3 December 2018: Beáta Megyesi (Uppsala) “Decoding secret writings from the past”




Thousands of encrypted manuscripts (ciphers) are found in libraries and archives all over Europe, documents that may contain important information for our cultural heritage but are not yet available for historical research. Examples of such materials are diplomatic and military correspondence and intelligence reports, magical, alchemistic, and scientific writings, private letters and diaries, or manuscripts related to secret societies.

In my talk, I’ll tell you about the problems and challenges with the automatic decryption of historical ciphers which is the main focus of my project DECODE: Automatic decoding of historical manuscripts (https://stp.lingfil.uu.se/~bea/decode/).  In order to reveal the content of these secret messages, we collect and digitize ciphertexts and keys from Early Modern times, build a database, and develop software tools for (semi-)automatic decryption by cross-disciplinary research involving computer science, language technology, linguistics and philology.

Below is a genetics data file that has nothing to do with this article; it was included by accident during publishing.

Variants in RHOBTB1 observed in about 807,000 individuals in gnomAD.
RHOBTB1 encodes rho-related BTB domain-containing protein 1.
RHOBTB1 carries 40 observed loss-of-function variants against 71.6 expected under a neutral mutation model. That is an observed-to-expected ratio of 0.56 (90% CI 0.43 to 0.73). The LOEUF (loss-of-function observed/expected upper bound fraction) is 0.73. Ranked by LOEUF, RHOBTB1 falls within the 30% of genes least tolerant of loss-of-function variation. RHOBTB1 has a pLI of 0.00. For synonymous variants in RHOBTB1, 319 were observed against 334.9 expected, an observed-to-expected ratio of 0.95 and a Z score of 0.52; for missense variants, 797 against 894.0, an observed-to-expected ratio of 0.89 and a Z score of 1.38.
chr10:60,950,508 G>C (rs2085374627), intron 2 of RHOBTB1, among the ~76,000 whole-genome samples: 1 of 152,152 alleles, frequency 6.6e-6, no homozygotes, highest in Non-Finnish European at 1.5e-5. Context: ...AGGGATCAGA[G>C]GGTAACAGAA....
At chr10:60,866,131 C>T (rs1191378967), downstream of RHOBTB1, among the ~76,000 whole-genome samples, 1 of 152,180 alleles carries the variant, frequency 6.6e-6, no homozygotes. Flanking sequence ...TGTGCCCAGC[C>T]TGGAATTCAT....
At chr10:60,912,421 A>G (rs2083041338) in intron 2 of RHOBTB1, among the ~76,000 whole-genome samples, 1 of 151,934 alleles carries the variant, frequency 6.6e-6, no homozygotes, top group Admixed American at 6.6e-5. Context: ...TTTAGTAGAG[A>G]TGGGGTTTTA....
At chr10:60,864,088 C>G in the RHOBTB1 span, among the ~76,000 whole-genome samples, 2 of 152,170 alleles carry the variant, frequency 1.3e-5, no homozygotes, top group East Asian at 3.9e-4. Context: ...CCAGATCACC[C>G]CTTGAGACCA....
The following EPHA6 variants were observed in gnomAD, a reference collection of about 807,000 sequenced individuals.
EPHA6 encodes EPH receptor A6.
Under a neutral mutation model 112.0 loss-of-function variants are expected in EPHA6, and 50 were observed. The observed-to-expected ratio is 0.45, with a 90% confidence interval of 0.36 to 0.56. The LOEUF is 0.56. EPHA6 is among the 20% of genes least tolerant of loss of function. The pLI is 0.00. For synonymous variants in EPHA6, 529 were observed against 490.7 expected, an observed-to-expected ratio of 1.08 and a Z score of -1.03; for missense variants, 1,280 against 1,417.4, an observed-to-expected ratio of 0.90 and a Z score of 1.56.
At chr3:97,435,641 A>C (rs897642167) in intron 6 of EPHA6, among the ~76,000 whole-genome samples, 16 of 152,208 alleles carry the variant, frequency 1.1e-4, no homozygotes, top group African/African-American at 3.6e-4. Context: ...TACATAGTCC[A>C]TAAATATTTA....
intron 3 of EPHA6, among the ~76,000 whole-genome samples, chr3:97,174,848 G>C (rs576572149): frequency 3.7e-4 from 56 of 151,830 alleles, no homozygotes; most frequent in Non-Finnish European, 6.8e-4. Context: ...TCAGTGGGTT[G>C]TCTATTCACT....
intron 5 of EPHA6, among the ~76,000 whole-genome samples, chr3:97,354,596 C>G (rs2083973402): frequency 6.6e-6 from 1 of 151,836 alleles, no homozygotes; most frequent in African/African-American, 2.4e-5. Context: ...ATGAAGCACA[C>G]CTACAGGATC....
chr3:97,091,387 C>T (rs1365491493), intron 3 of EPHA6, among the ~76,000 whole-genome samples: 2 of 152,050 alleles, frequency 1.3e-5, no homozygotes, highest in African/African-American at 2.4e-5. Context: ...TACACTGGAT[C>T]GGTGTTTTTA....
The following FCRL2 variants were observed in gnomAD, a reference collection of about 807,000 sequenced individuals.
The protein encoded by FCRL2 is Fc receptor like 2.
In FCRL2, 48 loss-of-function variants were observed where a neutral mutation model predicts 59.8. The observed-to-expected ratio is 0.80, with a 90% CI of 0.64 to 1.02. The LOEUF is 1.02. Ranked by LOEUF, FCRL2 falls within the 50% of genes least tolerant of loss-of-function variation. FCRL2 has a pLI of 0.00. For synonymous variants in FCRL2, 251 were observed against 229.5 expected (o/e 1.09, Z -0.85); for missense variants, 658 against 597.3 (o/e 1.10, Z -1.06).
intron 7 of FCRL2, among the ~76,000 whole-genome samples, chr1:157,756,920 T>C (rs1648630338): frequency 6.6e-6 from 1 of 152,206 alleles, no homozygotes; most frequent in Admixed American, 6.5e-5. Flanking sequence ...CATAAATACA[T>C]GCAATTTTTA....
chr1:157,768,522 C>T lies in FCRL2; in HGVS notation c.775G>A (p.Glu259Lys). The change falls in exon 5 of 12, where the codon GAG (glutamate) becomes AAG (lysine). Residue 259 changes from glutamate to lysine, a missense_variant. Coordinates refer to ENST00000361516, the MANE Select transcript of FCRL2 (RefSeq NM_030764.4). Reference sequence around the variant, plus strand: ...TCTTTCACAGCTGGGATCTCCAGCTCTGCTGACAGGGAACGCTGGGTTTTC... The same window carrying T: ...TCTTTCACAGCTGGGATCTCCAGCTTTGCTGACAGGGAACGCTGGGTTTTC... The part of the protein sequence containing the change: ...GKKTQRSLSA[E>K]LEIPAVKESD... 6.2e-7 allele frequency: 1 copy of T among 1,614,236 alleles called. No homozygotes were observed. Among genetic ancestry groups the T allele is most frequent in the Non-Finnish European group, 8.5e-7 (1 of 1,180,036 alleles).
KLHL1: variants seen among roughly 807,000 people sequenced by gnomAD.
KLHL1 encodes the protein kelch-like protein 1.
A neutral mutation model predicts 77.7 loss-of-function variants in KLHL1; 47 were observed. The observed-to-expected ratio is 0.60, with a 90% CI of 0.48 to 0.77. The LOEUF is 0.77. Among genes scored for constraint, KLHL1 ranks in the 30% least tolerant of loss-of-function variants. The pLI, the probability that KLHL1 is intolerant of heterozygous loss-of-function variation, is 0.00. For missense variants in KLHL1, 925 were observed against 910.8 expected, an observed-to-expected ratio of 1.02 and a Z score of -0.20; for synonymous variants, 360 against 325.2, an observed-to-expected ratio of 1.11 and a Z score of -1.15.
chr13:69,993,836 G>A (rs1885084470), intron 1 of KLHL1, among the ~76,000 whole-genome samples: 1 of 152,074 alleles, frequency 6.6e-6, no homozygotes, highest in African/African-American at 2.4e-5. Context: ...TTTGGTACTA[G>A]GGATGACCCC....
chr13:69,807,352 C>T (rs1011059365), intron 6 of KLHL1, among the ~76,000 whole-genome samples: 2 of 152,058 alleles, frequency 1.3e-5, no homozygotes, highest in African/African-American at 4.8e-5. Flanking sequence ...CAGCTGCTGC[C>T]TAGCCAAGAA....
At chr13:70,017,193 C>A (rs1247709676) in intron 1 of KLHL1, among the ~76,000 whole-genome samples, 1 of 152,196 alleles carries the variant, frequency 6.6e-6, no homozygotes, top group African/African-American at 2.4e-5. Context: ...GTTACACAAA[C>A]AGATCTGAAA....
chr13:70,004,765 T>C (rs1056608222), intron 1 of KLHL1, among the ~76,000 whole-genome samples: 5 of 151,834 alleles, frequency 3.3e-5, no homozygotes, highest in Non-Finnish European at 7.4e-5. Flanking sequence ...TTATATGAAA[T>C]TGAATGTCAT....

Short bio

I am associate professor in computational linguistics and head of the Department of Linguistics and Philology, Uppsala University, Sweden. My main research area is natural language processing with specific focus on digital humanities, more specifically the analysis of historical and modern texts in various genres to enable large quantitative studies for the humanities and social sciences. Currently I am working on historical cryptology to develop methods to automatically crack historical ciphers from Early Modern times, which I’ll tell you more about during my talk.